Our previous studies of pancreatic tumors have demonstrated that invasive ductal carcinoma (IDC) usually showed expression of MUC1 (membrane bound type mucin) detected by monoclonal antibody DF3, whereas intraductal papillary-mucinous neoplasm (IPMN) showed no expression of MUC1. In the present study, we examined 50 IDCs, and 63 IPMNs which were morphologically classified into two histological subtypes, "dark cell type" (IPMN-D, 27 cases) and "clear cell type" (IPMN-C, 36 cases). Patients with either type of IPMN showed significantly better survival than those with IDC. To clarify the relationship of the expression patterns of mucins with their biological behavior, we examined the expression profiles of various glycoforms of membrane mucin (MUC1) and secretory mucin (MUC2, MUC5AC and MUC6) in the neoplasms using immunohistochemistry. IDCs showed high expression of all the glycoforms of MUC1 (66%-98%). In contrast, IPMNs-D showed no or low expression of all the glycoforms of MUC1 (0%-4%), while IPMNs-C showed low expression of poorly glycosylated MUC1 (3%-6%), but expression of sialylated MUC1 (41%) and fully glycosylated MUC1 (69%). Expression of MUC2 was negative (0%) in IDC, high (96%) in IPMN-D and low (3%) in IPMN-C. MUC5AC was highly expressed in all types. MUC6 expression was higher in IPMNs-C (92%) than in IDCs (56%) and IPMNs-D (37%). In conclusion, the present study demonstrated that IDCs showed high expression of all the glycoforms of MUC1, and also that two types of IPMNs showed different expression patterns of glycosylated MUC1 as well as MUC2 and MUC6. These different expression patterns of mucins may be related with the malignancy potential of pancreatic neoplasms.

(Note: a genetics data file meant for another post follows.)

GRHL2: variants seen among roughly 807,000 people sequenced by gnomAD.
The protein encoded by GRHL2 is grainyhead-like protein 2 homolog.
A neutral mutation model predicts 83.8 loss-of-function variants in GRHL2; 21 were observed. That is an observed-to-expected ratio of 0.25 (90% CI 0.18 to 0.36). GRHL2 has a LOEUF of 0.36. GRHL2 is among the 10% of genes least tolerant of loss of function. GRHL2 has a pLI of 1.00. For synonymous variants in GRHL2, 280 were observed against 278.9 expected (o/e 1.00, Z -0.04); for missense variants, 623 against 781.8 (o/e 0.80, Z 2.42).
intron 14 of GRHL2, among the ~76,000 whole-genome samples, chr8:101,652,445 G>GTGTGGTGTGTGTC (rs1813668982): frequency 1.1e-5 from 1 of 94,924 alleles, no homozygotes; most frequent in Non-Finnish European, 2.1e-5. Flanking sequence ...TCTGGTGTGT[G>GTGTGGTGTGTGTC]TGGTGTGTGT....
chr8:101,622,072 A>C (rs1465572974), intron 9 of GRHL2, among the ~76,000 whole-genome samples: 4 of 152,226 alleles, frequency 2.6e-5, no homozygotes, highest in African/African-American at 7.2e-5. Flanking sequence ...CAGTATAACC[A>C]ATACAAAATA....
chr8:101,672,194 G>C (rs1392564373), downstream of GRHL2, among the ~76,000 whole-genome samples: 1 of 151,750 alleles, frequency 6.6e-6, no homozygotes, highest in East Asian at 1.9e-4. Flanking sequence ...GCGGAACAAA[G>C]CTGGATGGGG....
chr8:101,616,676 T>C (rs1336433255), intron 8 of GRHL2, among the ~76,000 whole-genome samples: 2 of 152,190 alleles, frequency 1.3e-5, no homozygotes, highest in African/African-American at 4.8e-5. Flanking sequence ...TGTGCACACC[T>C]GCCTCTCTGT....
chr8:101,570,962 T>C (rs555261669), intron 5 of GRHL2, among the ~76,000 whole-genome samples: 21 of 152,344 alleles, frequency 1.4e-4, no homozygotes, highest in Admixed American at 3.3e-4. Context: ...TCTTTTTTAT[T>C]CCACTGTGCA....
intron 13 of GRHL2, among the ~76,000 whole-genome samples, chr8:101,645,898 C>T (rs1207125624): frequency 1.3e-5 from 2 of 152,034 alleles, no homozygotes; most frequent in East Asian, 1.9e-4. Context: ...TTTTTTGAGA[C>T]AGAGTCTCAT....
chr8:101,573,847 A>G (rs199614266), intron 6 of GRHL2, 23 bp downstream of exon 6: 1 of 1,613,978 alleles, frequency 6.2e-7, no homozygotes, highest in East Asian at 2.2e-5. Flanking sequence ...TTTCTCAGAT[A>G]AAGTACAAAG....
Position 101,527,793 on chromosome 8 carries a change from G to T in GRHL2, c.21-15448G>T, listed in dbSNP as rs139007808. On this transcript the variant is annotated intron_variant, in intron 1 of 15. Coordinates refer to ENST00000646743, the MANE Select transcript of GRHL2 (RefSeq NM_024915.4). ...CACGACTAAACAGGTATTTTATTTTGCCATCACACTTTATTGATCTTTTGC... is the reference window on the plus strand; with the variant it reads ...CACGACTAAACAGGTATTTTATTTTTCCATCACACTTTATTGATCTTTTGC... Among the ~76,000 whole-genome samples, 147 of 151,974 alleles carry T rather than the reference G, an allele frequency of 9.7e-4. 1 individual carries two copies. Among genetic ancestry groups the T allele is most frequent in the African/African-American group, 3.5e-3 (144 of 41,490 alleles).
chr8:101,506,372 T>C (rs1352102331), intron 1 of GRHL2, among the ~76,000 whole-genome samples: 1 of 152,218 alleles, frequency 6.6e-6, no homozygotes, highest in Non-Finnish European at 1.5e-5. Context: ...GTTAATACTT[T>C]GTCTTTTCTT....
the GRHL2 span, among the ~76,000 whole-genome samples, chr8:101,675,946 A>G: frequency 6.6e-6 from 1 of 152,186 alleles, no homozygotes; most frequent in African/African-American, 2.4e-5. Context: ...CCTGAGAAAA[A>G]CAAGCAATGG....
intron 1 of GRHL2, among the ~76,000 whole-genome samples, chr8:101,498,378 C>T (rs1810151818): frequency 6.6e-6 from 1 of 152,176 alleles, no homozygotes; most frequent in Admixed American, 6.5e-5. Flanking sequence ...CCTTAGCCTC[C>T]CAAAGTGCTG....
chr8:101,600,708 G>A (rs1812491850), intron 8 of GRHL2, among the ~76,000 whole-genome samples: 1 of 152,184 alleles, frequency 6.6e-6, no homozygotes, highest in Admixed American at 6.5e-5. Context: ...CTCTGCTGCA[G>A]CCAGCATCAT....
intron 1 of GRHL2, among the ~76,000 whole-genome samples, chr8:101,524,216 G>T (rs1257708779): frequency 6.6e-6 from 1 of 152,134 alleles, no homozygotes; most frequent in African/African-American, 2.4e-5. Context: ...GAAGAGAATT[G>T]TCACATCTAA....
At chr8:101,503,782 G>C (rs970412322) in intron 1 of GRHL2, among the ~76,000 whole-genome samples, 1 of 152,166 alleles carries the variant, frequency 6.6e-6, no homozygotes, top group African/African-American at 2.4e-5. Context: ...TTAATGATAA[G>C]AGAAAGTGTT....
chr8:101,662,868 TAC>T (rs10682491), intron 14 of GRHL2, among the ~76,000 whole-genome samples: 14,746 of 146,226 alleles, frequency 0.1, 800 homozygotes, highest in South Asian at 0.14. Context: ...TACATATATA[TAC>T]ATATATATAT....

The results obtained in the present study demonstrated the precise localization and characterization of glycoconjugates in the disseminate prostate gland of the wild boar, using glycohistochemical methods including lectin techniques in light microscopy. According to the present results, it was apparent that glycoconjugates with neutral and acidic groupings were contained in the secretory epithelial cells and luminal secretions. In these glycoconjugates, a series of saccharide residues were visualized such as α-D-glucose, α-D-mannose, α-L-fucose, β-D-galactose, N-acetyl-D-galactosamine, N-acetyl-D-glucosamine, and N-acetyl-neuraminic acid (sialic acid). In addition, an abundance of glycoconjugates with terminal sialic acids was revealed in the peripheral parts of the prostate gland, as compared with its central parts. The terminal saccharide residues of glycoconjugates were more abundant in Siaα2-6Gal/GalNAc than those in Siaα2-3Galβ1-4GlcNAc. Furthermore, some specifically MAA reactive acinous cells were detected in the glandular epithelium. The present histochemical results provide useful information regarding the close correlation between the physiological role of the disseminate prostate gland and the glandular glycoconjugates in the wild boar.